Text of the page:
“The aim of the Celtic Digital Initiative (CDI) is to make scarce resources available in an electronic format to students and scholars…There are five major sections: Images (digitised pictures of interest to Celticists), Text Archive (PDF files of rare material), Articles (PDF files of selected publications by staff members), Celtic Noticeboard (an area devoted to announcements of forthcoming conferences, events, vacancies, publications etc.) and Celtic journals (tables of contents of journals of Celtic studies interest).” (From Celtic Digital Initiative Homepage)
The Word on the Street is a National Library of Scotland archive of 1,800 Scottish broadsides from 1650-1910. The broadside was the tabloid of its time: single sheets of news, speeches and songs pinned up on walls of houses and ale-houses to inform and entertain the public of the day. There is, for example, an 1870 ballad encouraging political agitation over Home Rule for Ireland; an 1841 broadside about anti-catholic riots in Edinburgh; and a 1660 proclamation in Edinburgh on the restoration of Charles II.
For those interested in popular culture such as ballads, broadsides, songs and folklore there is further reading and links under Resources.
In April 2012, BBC Northern Ireland, JISC and BUFVC launched Chronicle, “a project to make BBC Northern Ireland’s television news from the 1960s and 1970s available to the academic community online…Chronicle will provide Authenticated Users with access to digitised copies of news and current affairs material covering Northern Ireland and ‘The Troubles’, along with web-based tools allowing it to be searched, viewed and annotated” ( BBC Media Centre).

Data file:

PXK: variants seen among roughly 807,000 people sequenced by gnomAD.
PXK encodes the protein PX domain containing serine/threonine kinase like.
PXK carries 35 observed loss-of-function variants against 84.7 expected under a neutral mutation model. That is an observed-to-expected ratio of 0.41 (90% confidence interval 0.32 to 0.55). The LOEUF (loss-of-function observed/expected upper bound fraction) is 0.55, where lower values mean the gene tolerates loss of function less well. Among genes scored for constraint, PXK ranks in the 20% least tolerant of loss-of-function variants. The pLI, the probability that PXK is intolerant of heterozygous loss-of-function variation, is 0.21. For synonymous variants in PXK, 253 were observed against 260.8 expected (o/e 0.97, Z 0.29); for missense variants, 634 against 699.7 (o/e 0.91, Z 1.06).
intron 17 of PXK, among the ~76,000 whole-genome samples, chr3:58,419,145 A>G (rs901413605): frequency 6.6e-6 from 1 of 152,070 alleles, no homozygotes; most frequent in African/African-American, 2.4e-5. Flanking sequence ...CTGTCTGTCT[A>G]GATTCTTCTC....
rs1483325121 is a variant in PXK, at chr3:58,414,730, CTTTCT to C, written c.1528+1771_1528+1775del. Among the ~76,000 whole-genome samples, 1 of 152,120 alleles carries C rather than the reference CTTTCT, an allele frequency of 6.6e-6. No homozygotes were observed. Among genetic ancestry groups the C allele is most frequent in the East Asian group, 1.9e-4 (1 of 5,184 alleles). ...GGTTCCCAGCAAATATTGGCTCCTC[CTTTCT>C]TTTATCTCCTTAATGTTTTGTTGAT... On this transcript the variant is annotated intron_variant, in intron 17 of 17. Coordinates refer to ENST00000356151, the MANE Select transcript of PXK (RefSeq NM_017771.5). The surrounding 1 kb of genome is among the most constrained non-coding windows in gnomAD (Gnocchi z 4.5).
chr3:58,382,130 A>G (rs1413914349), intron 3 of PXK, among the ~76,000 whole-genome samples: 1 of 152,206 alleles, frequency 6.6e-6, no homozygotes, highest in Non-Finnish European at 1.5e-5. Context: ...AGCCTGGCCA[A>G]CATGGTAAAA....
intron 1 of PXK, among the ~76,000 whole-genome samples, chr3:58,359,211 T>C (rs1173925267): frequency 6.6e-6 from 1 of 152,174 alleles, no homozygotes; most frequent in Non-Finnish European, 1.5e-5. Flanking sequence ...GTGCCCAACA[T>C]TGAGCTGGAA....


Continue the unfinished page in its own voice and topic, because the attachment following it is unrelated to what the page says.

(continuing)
To access Chronicle, logon via the Portal, choose Learning Resources and select it from the Library’s A-Z list of databases.
The Landmap Service provides UK academia with high quality spatial data, enhanced and supported by a range of learning materials. Landmap’s optical, radar, elevation and feature collections give a combination of remotely sensed imagery and spatial data. Landmap have recently added new Northern Ireland information to their datasets, and they have arranged a Landmap Roadshow in Jordanstown for 29 June.
If you are interested in attending, you can see the programme and register for the free workshop here.
The workshop will focus particularly on datasets available for Northern Ireland such as Disaster Monitoring Constellation (DMC); RapidEye Red-Edge and Digital Terrain Models (DTM). It is open to any academics/researchers/associated staff and students working with GIS and spatial data. Please register for this event if you are interested, or pass this information on to anyone you know who would be interested in attending. The workshop includes a free lunch.
Hundreds of historic documents and images relating to the Olympic and Paralympic Games have been made available online by The National Archives for the first time. The new site, The Olympic Record, includes a timeline feature which enables visitors to track back through time and browse material from every summer Olympics, from Athens in 1896 to Beijing in 2008.
“The records of the Irish Chancery were destroyed on 30 June 1922 in an explosion and fire in the Public Record Office of Ireland, located at the Four Courts, Dublin. Among the most important classes of record destroyed were the medieval Irish Chancery Rolls… CIRCLE is the culmination of nearly four decades of work reconstructing these lost records…The site contains over 20,000 Irish chancery letters translated from Latin into English, together with an unparalleled collection of digital images of surviving medieval chancery letters and rare printed volumes.” [From CIRCLE Home page]